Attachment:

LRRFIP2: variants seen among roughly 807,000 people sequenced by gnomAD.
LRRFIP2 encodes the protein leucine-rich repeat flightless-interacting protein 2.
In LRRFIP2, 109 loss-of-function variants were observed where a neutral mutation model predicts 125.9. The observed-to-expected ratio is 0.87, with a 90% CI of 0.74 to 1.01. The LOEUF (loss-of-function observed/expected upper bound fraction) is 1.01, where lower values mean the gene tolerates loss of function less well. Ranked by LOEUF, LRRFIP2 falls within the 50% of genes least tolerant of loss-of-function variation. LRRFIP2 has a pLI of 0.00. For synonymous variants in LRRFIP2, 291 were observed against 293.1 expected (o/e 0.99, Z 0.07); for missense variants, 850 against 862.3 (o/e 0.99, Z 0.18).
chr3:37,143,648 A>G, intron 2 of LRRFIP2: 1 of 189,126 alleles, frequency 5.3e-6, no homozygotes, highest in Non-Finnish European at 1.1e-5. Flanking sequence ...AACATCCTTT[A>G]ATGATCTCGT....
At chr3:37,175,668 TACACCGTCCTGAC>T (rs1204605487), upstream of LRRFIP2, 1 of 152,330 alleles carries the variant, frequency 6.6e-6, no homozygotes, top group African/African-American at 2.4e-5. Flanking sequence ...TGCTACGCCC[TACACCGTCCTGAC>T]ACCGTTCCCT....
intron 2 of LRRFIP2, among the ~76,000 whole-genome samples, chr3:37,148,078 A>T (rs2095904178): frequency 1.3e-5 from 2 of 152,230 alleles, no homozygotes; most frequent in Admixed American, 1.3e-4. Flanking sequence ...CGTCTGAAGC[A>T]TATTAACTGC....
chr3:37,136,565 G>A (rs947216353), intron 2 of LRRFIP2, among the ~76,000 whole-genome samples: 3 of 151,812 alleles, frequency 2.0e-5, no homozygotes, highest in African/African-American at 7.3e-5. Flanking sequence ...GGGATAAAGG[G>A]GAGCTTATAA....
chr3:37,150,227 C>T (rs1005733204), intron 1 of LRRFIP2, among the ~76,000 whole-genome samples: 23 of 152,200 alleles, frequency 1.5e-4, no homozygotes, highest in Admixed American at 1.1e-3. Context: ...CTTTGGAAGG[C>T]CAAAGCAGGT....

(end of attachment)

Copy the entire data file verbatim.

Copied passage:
LRRFIP2: variants seen among roughly 807,000 people sequenced by gnomAD.
LRRFIP2 encodes the protein leucine-rich repeat flightless-interacting protein 2.
In LRRFIP2, 109 loss-of-function variants were observed where a neutral mutation model predicts 125.9. The observed-to-expected ratio is 0.87, with a 90% CI of 0.74 to 1.01. The LOEUF (loss-of-function observed/expected upper bound fraction) is 1.01, where lower values mean the gene tolerates loss of function less well. Ranked by LOEUF, LRRFIP2 falls within the 50% of genes least tolerant of loss-of-function variation. LRRFIP2 has a pLI of 0.00. For synonymous variants in LRRFIP2, 291 were observed against 293.1 expected (o/e 0.99, Z 0.07); for missense variants, 850 against 862.3 (o/e 0.99, Z 0.18).
chr3:37,143,648 A>G, intron 2 of LRRFIP2: 1 of 189,126 alleles, frequency 5.3e-6, no homozygotes, highest in Non-Finnish European at 1.1e-5. Flanking sequence ...AACATCCTTT[A>G]ATGATCTCGT....
At chr3:37,175,668 TACACCGTCCTGAC>T (rs1204605487), upstream of LRRFIP2, 1 of 152,330 alleles carries the variant, frequency 6.6e-6, no homozygotes, top group African/African-American at 2.4e-5. Flanking sequence ...TGCTACGCCC[TACACCGTCCTGAC>T]ACCGTTCCCT....
intron 2 of LRRFIP2, among the ~76,000 whole-genome samples, chr3:37,148,078 A>T (rs2095904178): frequency 1.3e-5 from 2 of 152,230 alleles, no homozygotes; most frequent in Admixed American, 1.3e-4. Flanking sequence ...CGTCTGAAGC[A>T]TATTAACTGC....
chr3:37,136,565 G>A (rs947216353), intron 2 of LRRFIP2, among the ~76,000 whole-genome samples: 3 of 151,812 alleles, frequency 2.0e-5, no homozygotes, highest in African/African-American at 7.3e-5. Flanking sequence ...GGGATAAAGG[G>A]GAGCTTATAA....
chr3:37,150,227 C>T (rs1005733204), intron 1 of LRRFIP2, among the ~76,000 whole-genome samples: 23 of 152,200 alleles, frequency 1.5e-4, no homozygotes, highest in Admixed American at 1.1e-3. Context: ...CTTTGGAAGG[C>T]CAAAGCAGGT....